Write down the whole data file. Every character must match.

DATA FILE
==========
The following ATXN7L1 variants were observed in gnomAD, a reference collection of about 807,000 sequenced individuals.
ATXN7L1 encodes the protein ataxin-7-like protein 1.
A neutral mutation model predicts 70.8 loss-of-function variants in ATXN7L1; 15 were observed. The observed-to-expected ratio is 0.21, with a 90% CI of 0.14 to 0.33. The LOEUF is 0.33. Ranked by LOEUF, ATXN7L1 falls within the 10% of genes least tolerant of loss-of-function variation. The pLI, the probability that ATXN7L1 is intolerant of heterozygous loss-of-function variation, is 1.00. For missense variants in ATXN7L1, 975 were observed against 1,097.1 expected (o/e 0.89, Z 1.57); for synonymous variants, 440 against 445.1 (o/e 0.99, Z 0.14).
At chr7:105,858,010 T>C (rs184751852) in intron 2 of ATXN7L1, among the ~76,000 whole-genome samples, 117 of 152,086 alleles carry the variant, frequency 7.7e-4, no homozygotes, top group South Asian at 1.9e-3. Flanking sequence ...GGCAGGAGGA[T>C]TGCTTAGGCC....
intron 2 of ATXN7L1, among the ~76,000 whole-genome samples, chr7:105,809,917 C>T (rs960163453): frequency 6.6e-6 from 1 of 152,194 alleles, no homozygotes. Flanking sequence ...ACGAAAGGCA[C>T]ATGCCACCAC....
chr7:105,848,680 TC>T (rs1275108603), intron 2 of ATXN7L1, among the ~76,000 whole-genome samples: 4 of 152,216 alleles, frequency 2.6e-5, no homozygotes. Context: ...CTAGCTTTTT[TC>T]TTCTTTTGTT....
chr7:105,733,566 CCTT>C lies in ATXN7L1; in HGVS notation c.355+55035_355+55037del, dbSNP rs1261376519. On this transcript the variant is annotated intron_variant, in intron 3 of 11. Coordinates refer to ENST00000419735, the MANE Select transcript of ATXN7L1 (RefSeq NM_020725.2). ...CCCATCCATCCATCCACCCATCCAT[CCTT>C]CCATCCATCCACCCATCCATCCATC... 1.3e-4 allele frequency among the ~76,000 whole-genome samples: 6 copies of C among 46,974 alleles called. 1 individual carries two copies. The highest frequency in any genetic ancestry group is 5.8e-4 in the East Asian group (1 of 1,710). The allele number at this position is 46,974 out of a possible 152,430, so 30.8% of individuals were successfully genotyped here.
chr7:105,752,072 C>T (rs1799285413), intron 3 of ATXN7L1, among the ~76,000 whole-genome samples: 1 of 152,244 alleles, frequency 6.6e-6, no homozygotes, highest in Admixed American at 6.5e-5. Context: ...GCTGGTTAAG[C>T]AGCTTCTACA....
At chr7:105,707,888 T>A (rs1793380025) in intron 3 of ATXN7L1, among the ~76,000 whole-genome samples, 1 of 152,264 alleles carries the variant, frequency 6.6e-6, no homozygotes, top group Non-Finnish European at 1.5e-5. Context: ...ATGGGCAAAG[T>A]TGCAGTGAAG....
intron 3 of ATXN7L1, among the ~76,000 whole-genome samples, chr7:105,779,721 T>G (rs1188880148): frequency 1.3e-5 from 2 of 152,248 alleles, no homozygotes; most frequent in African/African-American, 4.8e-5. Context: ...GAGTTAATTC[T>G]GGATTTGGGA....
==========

The following ATXN7L1 variants were observed in gnomAD, a reference collection of about 807,000 sequenced individuals.
ATXN7L1 encodes the protein ataxin-7-like protein 1.
A neutral mutation model predicts 70.8 loss-of-function variants in ATXN7L1; 15 were observed. The observed-to-expected ratio is 0.21, with a 90% CI of 0.14 to 0.33. The LOEUF is 0.33. Ranked by LOEUF, ATXN7L1 falls within the 10% of genes least tolerant of loss-of-function variation. The pLI, the probability that ATXN7L1 is intolerant of heterozygous loss-of-function variation, is 1.00. For missense variants in ATXN7L1, 975 were observed against 1,097.1 expected (o/e 0.89, Z 1.57); for synonymous variants, 440 against 445.1 (o/e 0.99, Z 0.14).
At chr7:105,858,010 T>C (rs184751852) in intron 2 of ATXN7L1, among the ~76,000 whole-genome samples, 117 of 152,086 alleles carry the variant, frequency 7.7e-4, no homozygotes, top group South Asian at 1.9e-3. Flanking sequence ...GGCAGGAGGA[T>C]TGCTTAGGCC....
intron 2 of ATXN7L1, among the ~76,000 whole-genome samples, chr7:105,809,917 C>T (rs960163453): frequency 6.6e-6 from 1 of 152,194 alleles, no homozygotes. Flanking sequence ...ACGAAAGGCA[C>T]ATGCCACCAC....
chr7:105,848,680 TC>T (rs1275108603), intron 2 of ATXN7L1, among the ~76,000 whole-genome samples: 4 of 152,216 alleles, frequency 2.6e-5, no homozygotes. Context: ...CTAGCTTTTT[TC>T]TTCTTTTGTT....
chr7:105,733,566 CCTT>C lies in ATXN7L1; in HGVS notation c.355+55035_355+55037del, dbSNP rs1261376519. On this transcript the variant is annotated intron_variant, in intron 3 of 11. Coordinates refer to ENST00000419735, the MANE Select transcript of ATXN7L1 (RefSeq NM_020725.2). ...CCCATCCATCCATCCACCCATCCAT[CCTT>C]CCATCCATCCACCCATCCATCCATC... 1.3e-4 allele frequency among the ~76,000 whole-genome samples: 6 copies of C among 46,974 alleles called. 1 individual carries two copies. The highest frequency in any genetic ancestry group is 5.8e-4 in the East Asian group (1 of 1,710). The allele number at this position is 46,974 out of a possible 152,430, so 30.8% of individuals were successfully genotyped here.
chr7:105,752,072 C>T (rs1799285413), intron 3 of ATXN7L1, among the ~76,000 whole-genome samples: 1 of 152,244 alleles, frequency 6.6e-6, no homozygotes, highest in Admixed American at 6.5e-5. Context: ...GCTGGTTAAG[C>T]AGCTTCTACA....
At chr7:105,707,888 T>A (rs1793380025) in intron 3 of ATXN7L1, among the ~76,000 whole-genome samples, 1 of 152,264 alleles carries the variant, frequency 6.6e-6, no homozygotes, top group Non-Finnish European at 1.5e-5. Context: ...ATGGGCAAAG[T>A]TGCAGTGAAG....
intron 3 of ATXN7L1, among the ~76,000 whole-genome samples, chr7:105,779,721 T>G (rs1188880148): frequency 1.3e-5 from 2 of 152,248 alleles, no homozygotes; most frequent in African/African-American, 4.8e-5. Context: ...GAGTTAATTC[T>G]GGATTTGGGA....